All of you spoke out and stepped up and came forward.  You came out and you marched.  You demanded to be recognized, demanded your constitutional rights, demanded a basic American Dream.  You demanded respect.

And because of what all of you have done, my granddaughter is going to grow up in a better country, a more just country, and a more fair country.  (Applause.)

And, folks, I know — I know not like you — but I know it wasn’t easy.  Many of you paid a personal and a professional price for stepping up and speaking out.  But your tenacity, your integrity and, yes, your physical courage and your pride bent the moral arc of this nation, and it’s finally moving in the right direction.

My mother used to have an expression, and I’m serious about this, she said, Joey, bravery resides in every heart, and the time will come when it will be summoned.

Every one of you in this room stepped up.  Every one of you stepped up.  I’m astonished by the bravery that resides in the heart of each and every one of you in this room.  I’ve been going around the country for a long time, and campaigns and doing my business as Vice President, and I constantly am thanked and given a great deal more credit than I deserve.  My main purpose in being here tonight is to say thank you.  Thank all of you.  Your actions not only liberated millions, millions in the LGBT community, but here’s the point I don’t think you fully understand, you liberated tens of millions of straight guys and straight women.  (Laughter and applause.)  No, no, you have.  You have.  (Applause.)

Those of you who are old enough — those of you who are old enough, 20 years ago, if four guys were sitting in a restaurant and there was a gay waiter and as he left the table, one of them made fun of it, the other three would remain silent.  Not today.  You freed them.  (Applause.)  You freed them to speak up because now they know — they know they’re not the exception, they know they’re the majority.  They know because of you.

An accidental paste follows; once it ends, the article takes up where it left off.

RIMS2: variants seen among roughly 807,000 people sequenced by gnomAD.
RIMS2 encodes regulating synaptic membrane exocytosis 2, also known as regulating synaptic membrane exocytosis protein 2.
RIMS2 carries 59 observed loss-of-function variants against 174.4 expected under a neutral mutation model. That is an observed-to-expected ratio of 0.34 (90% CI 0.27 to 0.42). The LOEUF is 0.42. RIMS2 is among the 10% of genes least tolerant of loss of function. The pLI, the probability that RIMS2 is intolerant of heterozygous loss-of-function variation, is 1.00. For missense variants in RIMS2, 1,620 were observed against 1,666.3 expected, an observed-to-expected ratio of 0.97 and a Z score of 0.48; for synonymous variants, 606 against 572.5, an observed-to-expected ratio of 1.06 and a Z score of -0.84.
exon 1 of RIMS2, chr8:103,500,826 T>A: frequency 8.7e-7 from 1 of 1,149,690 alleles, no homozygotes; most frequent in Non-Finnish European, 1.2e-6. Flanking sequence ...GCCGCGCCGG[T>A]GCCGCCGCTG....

And with regard to my being on “Meet the Press,” besides I told the President when he asked me to be Vice President two things:  I wasn’t going to wear any funny hats and I wasn’t changing my brand.  ((Laughter and applause.)  There was no way.  I’m too old, man.  I’m too old.  Seriously, seriously, just how could you remain silent any more.

I have had — and I continue to have faith in the American people.  I believed five years ago, I believe today that they’re so far ahead of the political leadership.  And when I spoke out, the great surprise, all of a sudden the polling data started rolling in and a majority — an absolute majority of the American people agreed with what I said.  But it wasn’t because of what I said, it’s because of all the sacrifices all of you made.

It’s been the honor of my lifetime to work alongside of so many of you, and particularly to see what we’ve achieved in the last five years.  Together, as this has been mentioned already, we passed the Matthew Shephard Hate Crimes Prevention Act; repealed “don’t ask, don’t tell;” reauthorized the Violence Against Women Act with protections for services for the LGBT community; passed the Affordable Care Act so no one can be denied health care because of their sexual orientation or their gender identity.  (Applause.)